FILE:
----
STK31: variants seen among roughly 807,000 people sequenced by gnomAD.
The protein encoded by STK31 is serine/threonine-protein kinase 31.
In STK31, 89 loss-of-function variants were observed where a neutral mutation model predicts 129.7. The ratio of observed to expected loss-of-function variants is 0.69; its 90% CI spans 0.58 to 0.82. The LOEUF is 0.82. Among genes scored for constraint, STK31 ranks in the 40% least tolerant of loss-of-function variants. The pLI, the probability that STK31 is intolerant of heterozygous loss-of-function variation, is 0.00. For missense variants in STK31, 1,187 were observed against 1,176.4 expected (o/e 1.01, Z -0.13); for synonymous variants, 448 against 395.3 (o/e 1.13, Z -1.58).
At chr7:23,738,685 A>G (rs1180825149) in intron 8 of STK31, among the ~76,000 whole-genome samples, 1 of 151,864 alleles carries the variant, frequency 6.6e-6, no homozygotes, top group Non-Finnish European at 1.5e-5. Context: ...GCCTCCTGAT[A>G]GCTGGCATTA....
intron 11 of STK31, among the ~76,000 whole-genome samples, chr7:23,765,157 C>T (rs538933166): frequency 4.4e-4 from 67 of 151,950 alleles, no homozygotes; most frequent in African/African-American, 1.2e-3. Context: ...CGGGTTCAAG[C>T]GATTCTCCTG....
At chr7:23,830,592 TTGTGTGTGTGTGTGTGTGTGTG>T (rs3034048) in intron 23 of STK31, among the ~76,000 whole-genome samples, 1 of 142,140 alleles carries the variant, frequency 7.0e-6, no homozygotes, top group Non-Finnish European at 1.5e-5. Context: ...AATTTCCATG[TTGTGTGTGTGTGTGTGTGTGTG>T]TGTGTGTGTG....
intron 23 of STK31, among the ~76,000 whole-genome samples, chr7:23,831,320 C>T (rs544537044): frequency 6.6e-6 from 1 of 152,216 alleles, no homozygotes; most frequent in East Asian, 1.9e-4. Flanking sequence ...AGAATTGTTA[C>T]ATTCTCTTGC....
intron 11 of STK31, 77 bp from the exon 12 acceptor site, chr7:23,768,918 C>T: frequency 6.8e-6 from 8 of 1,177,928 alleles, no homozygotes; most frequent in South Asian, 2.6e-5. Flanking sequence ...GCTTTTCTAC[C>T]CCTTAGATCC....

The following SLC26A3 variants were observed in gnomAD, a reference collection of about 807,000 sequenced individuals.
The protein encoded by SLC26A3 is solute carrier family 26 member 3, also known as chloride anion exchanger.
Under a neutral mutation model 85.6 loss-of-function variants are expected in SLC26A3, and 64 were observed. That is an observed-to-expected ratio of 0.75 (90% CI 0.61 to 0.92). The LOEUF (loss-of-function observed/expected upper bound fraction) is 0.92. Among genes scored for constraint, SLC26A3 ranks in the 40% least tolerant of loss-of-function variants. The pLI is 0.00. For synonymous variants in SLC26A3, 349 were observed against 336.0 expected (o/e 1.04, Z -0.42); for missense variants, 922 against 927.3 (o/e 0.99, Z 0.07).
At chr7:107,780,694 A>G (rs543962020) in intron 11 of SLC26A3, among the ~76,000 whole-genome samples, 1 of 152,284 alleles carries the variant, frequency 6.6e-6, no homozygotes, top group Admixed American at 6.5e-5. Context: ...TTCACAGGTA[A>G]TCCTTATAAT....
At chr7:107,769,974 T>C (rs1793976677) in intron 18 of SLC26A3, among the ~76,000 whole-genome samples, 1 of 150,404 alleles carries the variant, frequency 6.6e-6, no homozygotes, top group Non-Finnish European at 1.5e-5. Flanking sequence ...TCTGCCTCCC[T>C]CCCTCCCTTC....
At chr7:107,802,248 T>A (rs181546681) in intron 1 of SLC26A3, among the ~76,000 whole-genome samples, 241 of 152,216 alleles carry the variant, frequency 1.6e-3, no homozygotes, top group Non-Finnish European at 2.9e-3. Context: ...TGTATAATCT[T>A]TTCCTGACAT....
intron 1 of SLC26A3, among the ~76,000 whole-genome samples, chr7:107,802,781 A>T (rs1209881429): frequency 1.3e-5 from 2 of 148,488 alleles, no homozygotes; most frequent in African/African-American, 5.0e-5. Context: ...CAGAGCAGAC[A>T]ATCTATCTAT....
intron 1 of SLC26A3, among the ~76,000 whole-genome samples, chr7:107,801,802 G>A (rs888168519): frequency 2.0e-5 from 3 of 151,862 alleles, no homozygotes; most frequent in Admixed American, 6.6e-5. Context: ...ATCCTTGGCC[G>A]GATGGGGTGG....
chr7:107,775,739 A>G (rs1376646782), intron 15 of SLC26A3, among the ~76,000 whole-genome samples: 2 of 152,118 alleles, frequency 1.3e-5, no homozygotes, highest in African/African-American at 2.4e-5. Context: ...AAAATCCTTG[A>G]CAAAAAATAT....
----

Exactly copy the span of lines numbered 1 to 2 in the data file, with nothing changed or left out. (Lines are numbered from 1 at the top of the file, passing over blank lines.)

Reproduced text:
STK31: variants seen among roughly 807,000 people sequenced by gnomAD.
The protein encoded by STK31 is serine/threonine-protein kinase 31.